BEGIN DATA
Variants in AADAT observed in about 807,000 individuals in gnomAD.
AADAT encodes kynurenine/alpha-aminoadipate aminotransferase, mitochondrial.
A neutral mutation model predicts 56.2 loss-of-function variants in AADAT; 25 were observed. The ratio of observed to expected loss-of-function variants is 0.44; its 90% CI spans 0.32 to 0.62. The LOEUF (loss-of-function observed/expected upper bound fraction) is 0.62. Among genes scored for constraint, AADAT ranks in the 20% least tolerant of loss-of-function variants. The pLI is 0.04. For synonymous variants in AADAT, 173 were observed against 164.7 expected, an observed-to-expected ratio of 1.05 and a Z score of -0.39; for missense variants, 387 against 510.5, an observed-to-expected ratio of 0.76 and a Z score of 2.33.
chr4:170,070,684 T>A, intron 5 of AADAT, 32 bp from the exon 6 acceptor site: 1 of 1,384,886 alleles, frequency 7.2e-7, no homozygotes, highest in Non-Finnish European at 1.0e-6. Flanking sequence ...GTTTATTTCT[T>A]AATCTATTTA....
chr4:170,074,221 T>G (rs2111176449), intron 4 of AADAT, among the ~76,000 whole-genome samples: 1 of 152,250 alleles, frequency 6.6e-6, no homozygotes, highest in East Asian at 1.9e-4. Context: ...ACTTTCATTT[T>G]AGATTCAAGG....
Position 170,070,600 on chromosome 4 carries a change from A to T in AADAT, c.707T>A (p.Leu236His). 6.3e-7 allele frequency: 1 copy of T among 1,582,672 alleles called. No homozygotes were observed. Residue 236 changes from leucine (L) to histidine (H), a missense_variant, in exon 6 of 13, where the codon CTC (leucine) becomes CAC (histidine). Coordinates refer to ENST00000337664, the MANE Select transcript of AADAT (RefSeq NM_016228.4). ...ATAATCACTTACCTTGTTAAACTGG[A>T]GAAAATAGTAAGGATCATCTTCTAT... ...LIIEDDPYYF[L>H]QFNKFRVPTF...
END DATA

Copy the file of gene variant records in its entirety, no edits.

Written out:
Variants in AADAT observed in about 807,000 individuals in gnomAD.
AADAT encodes kynurenine/alpha-aminoadipate aminotransferase, mitochondrial.
A neutral mutation model predicts 56.2 loss-of-function variants in AADAT; 25 were observed. The ratio of observed to expected loss-of-function variants is 0.44; its 90% CI spans 0.32 to 0.62. The LOEUF (loss-of-function observed/expected upper bound fraction) is 0.62. Among genes scored for constraint, AADAT ranks in the 20% least tolerant of loss-of-function variants. The pLI is 0.04. For synonymous variants in AADAT, 173 were observed against 164.7 expected, an observed-to-expected ratio of 1.05 and a Z score of -0.39; for missense variants, 387 against 510.5, an observed-to-expected ratio of 0.76 and a Z score of 2.33.
chr4:170,070,684 T>A, intron 5 of AADAT, 32 bp from the exon 6 acceptor site: 1 of 1,384,886 alleles, frequency 7.2e-7, no homozygotes, highest in Non-Finnish European at 1.0e-6. Flanking sequence ...GTTTATTTCT[T>A]AATCTATTTA....
chr4:170,074,221 T>G (rs2111176449), intron 4 of AADAT, among the ~76,000 whole-genome samples: 1 of 152,250 alleles, frequency 6.6e-6, no homozygotes, highest in East Asian at 1.9e-4. Context: ...ACTTTCATTT[T>G]AGATTCAAGG....
Position 170,070,600 on chromosome 4 carries a change from A to T in AADAT, c.707T>A (p.Leu236His). 6.3e-7 allele frequency: 1 copy of T among 1,582,672 alleles called. No homozygotes were observed. Residue 236 changes from leucine (L) to histidine (H), a missense_variant, in exon 6 of 13, where the codon CTC (leucine) becomes CAC (histidine). Coordinates refer to ENST00000337664, the MANE Select transcript of AADAT (RefSeq NM_016228.4). ...ATAATCACTTACCTTGTTAAACTGG[A>T]GAAAATAGTAAGGATCATCTTCTAT... ...LIIEDDPYYF[L>H]QFNKFRVPTF...